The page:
Don B's CoopThe concept for my coop started out as a chicken tractor. I had looked at some pictures online, and started designing an elevated coop. I had no idea that it would end up being too large and too heavy to move around the yard! So, to begin with a picture of the (almost) finished product, here is what it looks like:
The main structure is formed by 4x4 uprights placed 6 feet apart. The floor is 2 feet off the ground, and the peak of the roof is nearly 7 feet high.
I put two extensions on the sides to contain the nesting boxes. Below is one assembly ready to be attached.
I am putting 4 nests on each side. The roofed lids of the nest boxes are hinged, and lift up from outside for egg gathering.
The glass window is screened, and can be propped open for extra ventilation in hot weather (we are in Louisiana).
The frame surrounding the window is also hinged at the top to open for us to have access to the interior.
Most of the material for the frame was salvaged from our greenhouse that got beaten up by Katrina. The nest boxes, floor and roof are all exterior grade 1/2" plywood. Look closely in the above photo, and you can see that I made the floor to be a slide-out tray to allow for easy cleaning. I will cover the floor with a piece of linoleum to make it moisture-proof.
The glass window was salvaged from Dad's attic, and a lot of the hardware (hinges, etc) was stuff that I had also gotten from my Dad's attic (legendary for its contents) when he and Mom were downsizing. Thank you, Dad!
Here is some of the framing detail. I built in a ridge vent, and covered it (as well as all other vents) with window screen and 1/2" X 1/2" weld wire hardware cloth. This will keep air flowing through, and keep mosquitoes and predators out.
I added spacers on top of the rafters, and then covered the ridge vent with corrugated sheet metal, which overlaps the plywood and shingles by about 6 inches. You can also see the screened vents in the gable.
Below is a picture of the interior showing some of the key design elements.
The pulleys and rope will operate the pop door which slides in rabbets made in the upright frame. The nest boxes are attached to the 4x4 frame, and rest on a horizontal 2x6 that runs between the uprights. I added a piece of plywood to the interior edge of the nest boxes to hold in the nesting material. Beneath this is a gap for ventilation (screened). This plywood will be lowered in winter to restrict airflow, and retain warmth. The ridge vent is visible at the top.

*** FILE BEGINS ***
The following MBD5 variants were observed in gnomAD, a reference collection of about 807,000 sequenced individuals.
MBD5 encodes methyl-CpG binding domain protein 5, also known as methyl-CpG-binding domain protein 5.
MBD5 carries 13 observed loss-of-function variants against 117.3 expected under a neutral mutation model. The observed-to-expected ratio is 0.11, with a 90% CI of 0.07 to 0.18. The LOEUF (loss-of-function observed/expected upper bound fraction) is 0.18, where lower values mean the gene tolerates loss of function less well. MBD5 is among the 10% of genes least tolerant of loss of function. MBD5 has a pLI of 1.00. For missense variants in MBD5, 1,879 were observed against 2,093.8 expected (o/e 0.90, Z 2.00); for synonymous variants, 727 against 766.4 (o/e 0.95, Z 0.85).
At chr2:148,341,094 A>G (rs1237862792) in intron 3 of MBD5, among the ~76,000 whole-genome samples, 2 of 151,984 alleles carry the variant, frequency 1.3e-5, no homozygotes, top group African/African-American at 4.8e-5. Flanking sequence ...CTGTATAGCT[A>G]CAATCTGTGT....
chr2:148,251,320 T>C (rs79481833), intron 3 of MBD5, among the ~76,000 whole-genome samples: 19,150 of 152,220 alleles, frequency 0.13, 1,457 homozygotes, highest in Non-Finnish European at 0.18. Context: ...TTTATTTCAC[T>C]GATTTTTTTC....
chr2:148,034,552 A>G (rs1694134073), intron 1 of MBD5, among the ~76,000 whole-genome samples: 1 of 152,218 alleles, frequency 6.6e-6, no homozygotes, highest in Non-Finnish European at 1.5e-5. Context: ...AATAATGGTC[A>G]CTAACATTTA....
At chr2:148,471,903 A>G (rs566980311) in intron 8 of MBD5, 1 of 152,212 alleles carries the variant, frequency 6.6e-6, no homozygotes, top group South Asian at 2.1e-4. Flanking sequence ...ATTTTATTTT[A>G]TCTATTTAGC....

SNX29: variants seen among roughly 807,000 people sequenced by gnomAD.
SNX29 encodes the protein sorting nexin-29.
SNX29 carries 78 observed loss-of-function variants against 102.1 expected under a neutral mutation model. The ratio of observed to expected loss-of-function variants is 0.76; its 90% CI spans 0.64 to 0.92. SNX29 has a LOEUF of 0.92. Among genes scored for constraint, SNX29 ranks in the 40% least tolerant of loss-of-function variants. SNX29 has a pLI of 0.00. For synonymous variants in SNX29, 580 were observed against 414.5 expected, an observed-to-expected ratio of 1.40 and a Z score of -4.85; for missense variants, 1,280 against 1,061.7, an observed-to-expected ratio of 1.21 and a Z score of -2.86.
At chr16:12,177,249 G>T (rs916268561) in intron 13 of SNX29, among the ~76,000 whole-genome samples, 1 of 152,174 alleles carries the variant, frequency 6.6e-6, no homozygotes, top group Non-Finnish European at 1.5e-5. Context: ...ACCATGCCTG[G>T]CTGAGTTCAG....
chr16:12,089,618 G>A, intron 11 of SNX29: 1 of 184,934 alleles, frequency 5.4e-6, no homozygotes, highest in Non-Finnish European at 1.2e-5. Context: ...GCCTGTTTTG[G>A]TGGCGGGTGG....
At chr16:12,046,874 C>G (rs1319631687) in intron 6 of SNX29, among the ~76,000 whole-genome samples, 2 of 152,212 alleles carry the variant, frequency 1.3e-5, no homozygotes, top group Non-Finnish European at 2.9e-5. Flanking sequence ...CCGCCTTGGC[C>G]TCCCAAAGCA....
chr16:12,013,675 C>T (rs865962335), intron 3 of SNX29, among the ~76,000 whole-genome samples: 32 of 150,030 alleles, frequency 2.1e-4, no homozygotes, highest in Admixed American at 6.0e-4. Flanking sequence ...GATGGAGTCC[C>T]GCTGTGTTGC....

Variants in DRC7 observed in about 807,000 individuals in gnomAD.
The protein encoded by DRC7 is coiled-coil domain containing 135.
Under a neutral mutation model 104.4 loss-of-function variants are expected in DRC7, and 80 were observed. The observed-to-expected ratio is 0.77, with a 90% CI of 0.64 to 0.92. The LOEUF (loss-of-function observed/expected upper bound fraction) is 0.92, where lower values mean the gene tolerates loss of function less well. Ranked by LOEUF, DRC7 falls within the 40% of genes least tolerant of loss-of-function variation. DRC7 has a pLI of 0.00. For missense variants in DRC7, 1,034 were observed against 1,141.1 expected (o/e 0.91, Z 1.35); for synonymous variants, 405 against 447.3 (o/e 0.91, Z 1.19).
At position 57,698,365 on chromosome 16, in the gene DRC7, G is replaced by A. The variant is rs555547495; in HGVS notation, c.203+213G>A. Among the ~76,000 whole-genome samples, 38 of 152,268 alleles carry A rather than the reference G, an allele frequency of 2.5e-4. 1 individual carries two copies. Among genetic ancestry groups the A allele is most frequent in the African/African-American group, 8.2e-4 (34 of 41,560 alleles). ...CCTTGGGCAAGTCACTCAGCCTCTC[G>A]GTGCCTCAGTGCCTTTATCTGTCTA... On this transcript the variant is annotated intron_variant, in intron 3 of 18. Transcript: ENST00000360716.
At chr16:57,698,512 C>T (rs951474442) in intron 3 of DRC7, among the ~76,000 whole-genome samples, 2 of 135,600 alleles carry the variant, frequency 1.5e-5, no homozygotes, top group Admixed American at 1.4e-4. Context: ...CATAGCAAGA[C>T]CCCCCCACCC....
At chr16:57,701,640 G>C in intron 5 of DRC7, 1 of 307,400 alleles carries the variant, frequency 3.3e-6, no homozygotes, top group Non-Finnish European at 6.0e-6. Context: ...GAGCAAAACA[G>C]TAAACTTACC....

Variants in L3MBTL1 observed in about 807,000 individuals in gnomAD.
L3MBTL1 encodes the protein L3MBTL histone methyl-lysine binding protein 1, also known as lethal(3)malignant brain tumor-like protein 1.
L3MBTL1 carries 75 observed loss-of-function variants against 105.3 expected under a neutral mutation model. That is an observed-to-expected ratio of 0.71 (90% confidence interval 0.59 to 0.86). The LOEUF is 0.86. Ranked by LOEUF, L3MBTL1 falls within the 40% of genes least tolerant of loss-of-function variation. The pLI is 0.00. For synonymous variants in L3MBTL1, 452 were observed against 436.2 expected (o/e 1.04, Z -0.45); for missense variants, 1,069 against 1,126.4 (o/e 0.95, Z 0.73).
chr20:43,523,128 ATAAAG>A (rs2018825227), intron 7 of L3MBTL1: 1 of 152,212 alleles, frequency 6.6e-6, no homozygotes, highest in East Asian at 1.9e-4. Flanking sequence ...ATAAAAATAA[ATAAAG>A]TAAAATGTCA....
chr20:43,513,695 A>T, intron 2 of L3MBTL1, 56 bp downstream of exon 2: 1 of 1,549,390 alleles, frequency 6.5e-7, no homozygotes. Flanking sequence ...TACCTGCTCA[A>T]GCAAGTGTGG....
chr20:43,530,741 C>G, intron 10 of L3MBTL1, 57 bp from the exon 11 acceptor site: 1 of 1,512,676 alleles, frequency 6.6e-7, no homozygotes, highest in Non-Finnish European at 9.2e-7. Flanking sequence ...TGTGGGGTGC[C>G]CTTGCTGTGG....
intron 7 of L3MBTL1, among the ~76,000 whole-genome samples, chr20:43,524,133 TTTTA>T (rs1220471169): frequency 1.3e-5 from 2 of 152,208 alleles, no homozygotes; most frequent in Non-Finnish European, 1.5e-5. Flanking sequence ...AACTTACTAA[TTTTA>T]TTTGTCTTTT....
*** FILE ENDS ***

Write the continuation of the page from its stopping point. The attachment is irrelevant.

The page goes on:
Below is a view of the vent gap from outside - below the nest box. You can see the 2x6 (mentioned above) that supports the nest box here, as well.
The view from the other side shows the pop door opening. I have a 2x12 fitted with traction strips for the entrance ramp that will attach just below the pop door.
So, I have a few finishing touches to put on the coop. I need to put in the plywood to separate the individual nests, and I will put 3 roosts across, just above the nests.
I did a lot of reading and drawing, and I am pretty pleased with my results. I hope some of you are able to use some of the ideas I used here.
Now, my dog Dorrie is waiting for the chicks to arrive!!!
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Recent User Reviews
- 3/5, 3 out of 5, reviewed Jul 9, 2018
Nice coop. I can see how it would be too heavy to be a tractor coop with all the 4 x 4's and 2 x 4's. That's how my husband tends to build things. He wants them to be sturdy and structurally sound!
On the vents that you covered with window screen and then topped off with hardware cloth, do you find that they are hard to clean? I have a couple of windows like that and they get very dusty & dirty. I wish I had left off the window screen.
How many birds do you keep in your coop? What did it cost you to make? Are there any changes you would make if you built it again?
Thanks for sharing your coop with us.